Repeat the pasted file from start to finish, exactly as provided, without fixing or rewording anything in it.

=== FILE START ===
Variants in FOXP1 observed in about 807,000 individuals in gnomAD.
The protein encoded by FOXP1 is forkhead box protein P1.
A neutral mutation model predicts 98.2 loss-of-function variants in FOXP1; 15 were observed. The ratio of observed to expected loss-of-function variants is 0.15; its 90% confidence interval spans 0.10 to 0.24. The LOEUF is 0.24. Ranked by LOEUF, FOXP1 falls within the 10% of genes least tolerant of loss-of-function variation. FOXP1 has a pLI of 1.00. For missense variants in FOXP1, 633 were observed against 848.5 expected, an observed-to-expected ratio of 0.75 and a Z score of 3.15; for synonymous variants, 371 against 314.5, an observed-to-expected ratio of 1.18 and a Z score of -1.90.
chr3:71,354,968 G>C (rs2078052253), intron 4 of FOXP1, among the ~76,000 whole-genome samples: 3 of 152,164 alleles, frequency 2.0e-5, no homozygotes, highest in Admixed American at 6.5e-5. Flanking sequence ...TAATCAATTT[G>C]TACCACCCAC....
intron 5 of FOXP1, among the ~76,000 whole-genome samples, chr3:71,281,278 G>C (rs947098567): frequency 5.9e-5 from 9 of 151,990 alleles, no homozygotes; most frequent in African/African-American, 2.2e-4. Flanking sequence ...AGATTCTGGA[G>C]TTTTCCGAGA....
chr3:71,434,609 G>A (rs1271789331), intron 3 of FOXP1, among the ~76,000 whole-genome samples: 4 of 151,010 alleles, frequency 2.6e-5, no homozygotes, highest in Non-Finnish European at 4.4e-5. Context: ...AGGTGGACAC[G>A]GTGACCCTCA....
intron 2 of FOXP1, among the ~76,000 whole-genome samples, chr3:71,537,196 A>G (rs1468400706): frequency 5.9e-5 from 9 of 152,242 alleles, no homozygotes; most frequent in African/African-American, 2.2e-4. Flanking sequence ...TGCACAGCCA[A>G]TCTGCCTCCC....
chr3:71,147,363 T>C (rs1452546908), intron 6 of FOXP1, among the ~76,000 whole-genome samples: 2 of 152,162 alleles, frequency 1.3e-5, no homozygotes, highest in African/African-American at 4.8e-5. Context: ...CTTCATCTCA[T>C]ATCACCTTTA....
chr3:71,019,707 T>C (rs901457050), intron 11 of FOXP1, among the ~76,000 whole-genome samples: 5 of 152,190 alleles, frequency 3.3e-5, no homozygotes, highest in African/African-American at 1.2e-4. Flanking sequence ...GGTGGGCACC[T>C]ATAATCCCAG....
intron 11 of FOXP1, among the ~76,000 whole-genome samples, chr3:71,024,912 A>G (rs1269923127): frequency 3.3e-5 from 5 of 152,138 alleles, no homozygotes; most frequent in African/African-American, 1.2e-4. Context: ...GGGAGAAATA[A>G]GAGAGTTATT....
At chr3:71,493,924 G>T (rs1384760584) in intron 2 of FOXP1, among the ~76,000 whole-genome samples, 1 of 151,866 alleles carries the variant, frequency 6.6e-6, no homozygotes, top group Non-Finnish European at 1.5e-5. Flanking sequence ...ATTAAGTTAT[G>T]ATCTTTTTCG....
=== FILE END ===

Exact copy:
Variants in FOXP1 observed in about 807,000 individuals in gnomAD.
The protein encoded by FOXP1 is forkhead box protein P1.
A neutral mutation model predicts 98.2 loss-of-function variants in FOXP1; 15 were observed. The ratio of observed to expected loss-of-function variants is 0.15; its 90% confidence interval spans 0.10 to 0.24. The LOEUF is 0.24. Ranked by LOEUF, FOXP1 falls within the 10% of genes least tolerant of loss-of-function variation. FOXP1 has a pLI of 1.00. For missense variants in FOXP1, 633 were observed against 848.5 expected, an observed-to-expected ratio of 0.75 and a Z score of 3.15; for synonymous variants, 371 against 314.5, an observed-to-expected ratio of 1.18 and a Z score of -1.90.
chr3:71,354,968 G>C (rs2078052253), intron 4 of FOXP1, among the ~76,000 whole-genome samples: 3 of 152,164 alleles, frequency 2.0e-5, no homozygotes, highest in Admixed American at 6.5e-5. Flanking sequence ...TAATCAATTT[G>C]TACCACCCAC....
intron 5 of FOXP1, among the ~76,000 whole-genome samples, chr3:71,281,278 G>C (rs947098567): frequency 5.9e-5 from 9 of 151,990 alleles, no homozygotes; most frequent in African/African-American, 2.2e-4. Flanking sequence ...AGATTCTGGA[G>C]TTTTCCGAGA....
chr3:71,434,609 G>A (rs1271789331), intron 3 of FOXP1, among the ~76,000 whole-genome samples: 4 of 151,010 alleles, frequency 2.6e-5, no homozygotes, highest in Non-Finnish European at 4.4e-5. Context: ...AGGTGGACAC[G>A]GTGACCCTCA....
intron 2 of FOXP1, among the ~76,000 whole-genome samples, chr3:71,537,196 A>G (rs1468400706): frequency 5.9e-5 from 9 of 152,242 alleles, no homozygotes; most frequent in African/African-American, 2.2e-4. Flanking sequence ...TGCACAGCCA[A>G]TCTGCCTCCC....
chr3:71,147,363 T>C (rs1452546908), intron 6 of FOXP1, among the ~76,000 whole-genome samples: 2 of 152,162 alleles, frequency 1.3e-5, no homozygotes, highest in African/African-American at 4.8e-5. Context: ...CTTCATCTCA[T>C]ATCACCTTTA....
chr3:71,019,707 T>C (rs901457050), intron 11 of FOXP1, among the ~76,000 whole-genome samples: 5 of 152,190 alleles, frequency 3.3e-5, no homozygotes, highest in African/African-American at 1.2e-4. Flanking sequence ...GGTGGGCACC[T>C]ATAATCCCAG....
intron 11 of FOXP1, among the ~76,000 whole-genome samples, chr3:71,024,912 A>G (rs1269923127): frequency 3.3e-5 from 5 of 152,138 alleles, no homozygotes; most frequent in African/African-American, 1.2e-4. Context: ...GGGAGAAATA[A>G]GAGAGTTATT....
At chr3:71,493,924 G>T (rs1384760584) in intron 2 of FOXP1, among the ~76,000 whole-genome samples, 1 of 151,866 alleles carries the variant, frequency 6.6e-6, no homozygotes, top group Non-Finnish European at 1.5e-5. Flanking sequence ...ATTAAGTTAT[G>T]ATCTTTTTCG....